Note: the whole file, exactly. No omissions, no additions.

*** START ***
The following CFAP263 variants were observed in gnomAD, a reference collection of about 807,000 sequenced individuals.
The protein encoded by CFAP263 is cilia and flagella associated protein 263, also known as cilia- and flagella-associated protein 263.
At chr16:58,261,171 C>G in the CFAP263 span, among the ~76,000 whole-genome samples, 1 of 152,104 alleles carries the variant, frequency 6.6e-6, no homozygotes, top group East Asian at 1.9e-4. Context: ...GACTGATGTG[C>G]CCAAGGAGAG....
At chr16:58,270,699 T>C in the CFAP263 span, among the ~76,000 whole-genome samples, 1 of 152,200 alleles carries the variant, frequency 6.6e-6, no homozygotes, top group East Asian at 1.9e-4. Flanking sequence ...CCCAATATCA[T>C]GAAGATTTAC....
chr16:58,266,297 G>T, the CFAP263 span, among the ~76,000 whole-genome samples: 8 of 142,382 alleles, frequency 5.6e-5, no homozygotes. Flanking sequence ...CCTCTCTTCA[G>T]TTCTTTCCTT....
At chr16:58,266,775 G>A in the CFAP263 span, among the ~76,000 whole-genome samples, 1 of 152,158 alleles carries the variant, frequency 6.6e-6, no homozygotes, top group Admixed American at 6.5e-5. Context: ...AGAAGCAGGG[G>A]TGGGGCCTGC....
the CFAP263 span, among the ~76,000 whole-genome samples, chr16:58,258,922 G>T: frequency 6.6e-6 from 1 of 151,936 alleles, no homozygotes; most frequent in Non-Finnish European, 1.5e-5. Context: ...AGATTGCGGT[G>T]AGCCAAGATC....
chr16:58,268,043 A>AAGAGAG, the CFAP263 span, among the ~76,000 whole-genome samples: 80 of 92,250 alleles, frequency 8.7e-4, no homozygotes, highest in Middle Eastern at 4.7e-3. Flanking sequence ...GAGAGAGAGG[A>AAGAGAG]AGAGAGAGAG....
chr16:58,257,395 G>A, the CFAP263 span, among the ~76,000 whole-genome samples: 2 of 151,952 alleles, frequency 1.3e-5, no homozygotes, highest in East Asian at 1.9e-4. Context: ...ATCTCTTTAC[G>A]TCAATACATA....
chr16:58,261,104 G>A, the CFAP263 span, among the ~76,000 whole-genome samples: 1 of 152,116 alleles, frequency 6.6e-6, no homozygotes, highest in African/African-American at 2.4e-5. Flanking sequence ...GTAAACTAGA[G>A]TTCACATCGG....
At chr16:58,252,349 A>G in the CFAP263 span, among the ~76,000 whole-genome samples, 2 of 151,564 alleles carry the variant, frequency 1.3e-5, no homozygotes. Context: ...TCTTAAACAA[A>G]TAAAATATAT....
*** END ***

The following CFAP263 variants were observed in gnomAD, a reference collection of about 807,000 sequenced individuals.
The protein encoded by CFAP263 is cilia and flagella associated protein 263, also known as cilia- and flagella-associated protein 263.
At chr16:58,261,171 C>G in the CFAP263 span, among the ~76,000 whole-genome samples, 1 of 152,104 alleles carries the variant, frequency 6.6e-6, no homozygotes, top group East Asian at 1.9e-4. Context: ...GACTGATGTG[C>G]CCAAGGAGAG....
At chr16:58,270,699 T>C in the CFAP263 span, among the ~76,000 whole-genome samples, 1 of 152,200 alleles carries the variant, frequency 6.6e-6, no homozygotes, top group East Asian at 1.9e-4. Flanking sequence ...CCCAATATCA[T>C]GAAGATTTAC....
chr16:58,266,297 G>T, the CFAP263 span, among the ~76,000 whole-genome samples: 8 of 142,382 alleles, frequency 5.6e-5, no homozygotes. Flanking sequence ...CCTCTCTTCA[G>T]TTCTTTCCTT....
At chr16:58,266,775 G>A in the CFAP263 span, among the ~76,000 whole-genome samples, 1 of 152,158 alleles carries the variant, frequency 6.6e-6, no homozygotes, top group Admixed American at 6.5e-5. Context: ...AGAAGCAGGG[G>A]TGGGGCCTGC....
the CFAP263 span, among the ~76,000 whole-genome samples, chr16:58,258,922 G>T: frequency 6.6e-6 from 1 of 151,936 alleles, no homozygotes; most frequent in Non-Finnish European, 1.5e-5. Context: ...AGATTGCGGT[G>T]AGCCAAGATC....
chr16:58,268,043 A>AAGAGAG, the CFAP263 span, among the ~76,000 whole-genome samples: 80 of 92,250 alleles, frequency 8.7e-4, no homozygotes, highest in Middle Eastern at 4.7e-3. Flanking sequence ...GAGAGAGAGG[A>AAGAGAG]AGAGAGAGAG....
chr16:58,257,395 G>A, the CFAP263 span, among the ~76,000 whole-genome samples: 2 of 151,952 alleles, frequency 1.3e-5, no homozygotes, highest in East Asian at 1.9e-4. Context: ...ATCTCTTTAC[G>A]TCAATACATA....
chr16:58,261,104 G>A, the CFAP263 span, among the ~76,000 whole-genome samples: 1 of 152,116 alleles, frequency 6.6e-6, no homozygotes, highest in African/African-American at 2.4e-5. Flanking sequence ...GTAAACTAGA[G>A]TTCACATCGG....
At chr16:58,252,349 A>G in the CFAP263 span, among the ~76,000 whole-genome samples, 2 of 151,564 alleles carry the variant, frequency 1.3e-5, no homozygotes. Context: ...TCTTAAACAA[A>G]TAAAATATAT....